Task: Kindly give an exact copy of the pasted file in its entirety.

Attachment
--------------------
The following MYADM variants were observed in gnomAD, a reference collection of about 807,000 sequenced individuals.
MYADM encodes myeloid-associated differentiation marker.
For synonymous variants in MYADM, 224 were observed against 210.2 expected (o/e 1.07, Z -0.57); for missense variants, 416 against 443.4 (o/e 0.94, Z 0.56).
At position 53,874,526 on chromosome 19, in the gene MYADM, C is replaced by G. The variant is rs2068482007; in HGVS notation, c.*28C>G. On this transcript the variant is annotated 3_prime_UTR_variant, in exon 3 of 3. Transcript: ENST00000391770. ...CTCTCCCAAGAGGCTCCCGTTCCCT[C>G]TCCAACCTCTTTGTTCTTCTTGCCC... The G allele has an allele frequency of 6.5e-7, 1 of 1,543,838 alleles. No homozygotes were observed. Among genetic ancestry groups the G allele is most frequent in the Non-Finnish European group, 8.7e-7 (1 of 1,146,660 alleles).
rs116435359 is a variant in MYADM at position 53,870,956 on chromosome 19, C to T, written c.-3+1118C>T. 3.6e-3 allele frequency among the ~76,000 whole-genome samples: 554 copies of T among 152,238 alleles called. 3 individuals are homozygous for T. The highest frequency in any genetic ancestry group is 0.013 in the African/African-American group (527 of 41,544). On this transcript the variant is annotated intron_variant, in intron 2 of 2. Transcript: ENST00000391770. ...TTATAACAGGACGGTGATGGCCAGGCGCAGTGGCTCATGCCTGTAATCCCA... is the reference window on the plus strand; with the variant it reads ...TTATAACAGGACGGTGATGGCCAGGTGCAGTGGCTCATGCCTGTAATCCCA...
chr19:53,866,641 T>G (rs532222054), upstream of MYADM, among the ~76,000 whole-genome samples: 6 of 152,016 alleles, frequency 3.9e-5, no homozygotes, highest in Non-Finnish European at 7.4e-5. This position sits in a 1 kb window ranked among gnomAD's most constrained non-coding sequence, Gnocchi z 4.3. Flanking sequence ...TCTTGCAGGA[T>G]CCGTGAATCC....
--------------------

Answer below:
The following MYADM variants were observed in gnomAD, a reference collection of about 807,000 sequenced individuals.
MYADM encodes myeloid-associated differentiation marker.
For synonymous variants in MYADM, 224 were observed against 210.2 expected (o/e 1.07, Z -0.57); for missense variants, 416 against 443.4 (o/e 0.94, Z 0.56).
At position 53,874,526 on chromosome 19, in the gene MYADM, C is replaced by G. The variant is rs2068482007; in HGVS notation, c.*28C>G. On this transcript the variant is annotated 3_prime_UTR_variant, in exon 3 of 3. Transcript: ENST00000391770. ...CTCTCCCAAGAGGCTCCCGTTCCCT[C>G]TCCAACCTCTTTGTTCTTCTTGCCC... The G allele has an allele frequency of 6.5e-7, 1 of 1,543,838 alleles. No homozygotes were observed. Among genetic ancestry groups the G allele is most frequent in the Non-Finnish European group, 8.7e-7 (1 of 1,146,660 alleles).
rs116435359 is a variant in MYADM at position 53,870,956 on chromosome 19, C to T, written c.-3+1118C>T. 3.6e-3 allele frequency among the ~76,000 whole-genome samples: 554 copies of T among 152,238 alleles called. 3 individuals are homozygous for T. The highest frequency in any genetic ancestry group is 0.013 in the African/African-American group (527 of 41,544). On this transcript the variant is annotated intron_variant, in intron 2 of 2. Transcript: ENST00000391770. ...TTATAACAGGACGGTGATGGCCAGGCGCAGTGGCTCATGCCTGTAATCCCA... is the reference window on the plus strand; with the variant it reads ...TTATAACAGGACGGTGATGGCCAGGTGCAGTGGCTCATGCCTGTAATCCCA...
chr19:53,866,641 T>G (rs532222054), upstream of MYADM, among the ~76,000 whole-genome samples: 6 of 152,016 alleles, frequency 3.9e-5, no homozygotes, highest in Non-Finnish European at 7.4e-5. This position sits in a 1 kb window ranked among gnomAD's most constrained non-coding sequence, Gnocchi z 4.3. Flanking sequence ...TCTTGCAGGA[T>G]CCGTGAATCC....